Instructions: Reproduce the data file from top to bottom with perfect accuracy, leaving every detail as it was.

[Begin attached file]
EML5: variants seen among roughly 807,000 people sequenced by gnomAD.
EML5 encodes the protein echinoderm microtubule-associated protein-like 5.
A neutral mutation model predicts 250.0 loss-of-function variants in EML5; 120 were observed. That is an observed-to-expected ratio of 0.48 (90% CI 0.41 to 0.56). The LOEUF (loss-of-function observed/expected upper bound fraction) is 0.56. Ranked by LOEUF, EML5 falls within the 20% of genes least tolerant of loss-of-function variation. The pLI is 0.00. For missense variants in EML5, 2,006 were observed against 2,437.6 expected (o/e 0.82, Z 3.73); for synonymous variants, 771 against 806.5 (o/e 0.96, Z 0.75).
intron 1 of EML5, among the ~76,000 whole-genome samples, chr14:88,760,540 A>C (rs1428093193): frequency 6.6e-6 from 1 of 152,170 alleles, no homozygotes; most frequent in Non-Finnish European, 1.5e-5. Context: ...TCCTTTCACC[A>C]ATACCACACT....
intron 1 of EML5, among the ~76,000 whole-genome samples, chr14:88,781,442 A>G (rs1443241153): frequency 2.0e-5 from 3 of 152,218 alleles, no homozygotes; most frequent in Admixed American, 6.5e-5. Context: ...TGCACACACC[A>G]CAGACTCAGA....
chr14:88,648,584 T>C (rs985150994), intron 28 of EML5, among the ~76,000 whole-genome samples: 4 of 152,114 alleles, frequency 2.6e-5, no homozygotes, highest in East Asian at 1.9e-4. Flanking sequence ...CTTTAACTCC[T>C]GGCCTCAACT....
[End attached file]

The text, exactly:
EML5: variants seen among roughly 807,000 people sequenced by gnomAD.
EML5 encodes the protein echinoderm microtubule-associated protein-like 5.
A neutral mutation model predicts 250.0 loss-of-function variants in EML5; 120 were observed. That is an observed-to-expected ratio of 0.48 (90% CI 0.41 to 0.56). The LOEUF (loss-of-function observed/expected upper bound fraction) is 0.56. Ranked by LOEUF, EML5 falls within the 20% of genes least tolerant of loss-of-function variation. The pLI is 0.00. For missense variants in EML5, 2,006 were observed against 2,437.6 expected (o/e 0.82, Z 3.73); for synonymous variants, 771 against 806.5 (o/e 0.96, Z 0.75).
intron 1 of EML5, among the ~76,000 whole-genome samples, chr14:88,760,540 A>C (rs1428093193): frequency 6.6e-6 from 1 of 152,170 alleles, no homozygotes; most frequent in Non-Finnish European, 1.5e-5. Context: ...TCCTTTCACC[A>C]ATACCACACT....
intron 1 of EML5, among the ~76,000 whole-genome samples, chr14:88,781,442 A>G (rs1443241153): frequency 2.0e-5 from 3 of 152,218 alleles, no homozygotes; most frequent in Admixed American, 6.5e-5. Context: ...TGCACACACC[A>G]CAGACTCAGA....
chr14:88,648,584 T>C (rs985150994), intron 28 of EML5, among the ~76,000 whole-genome samples: 4 of 152,114 alleles, frequency 2.6e-5, no homozygotes, highest in East Asian at 1.9e-4. Flanking sequence ...CTTTAACTCC[T>C]GGCCTCAACT....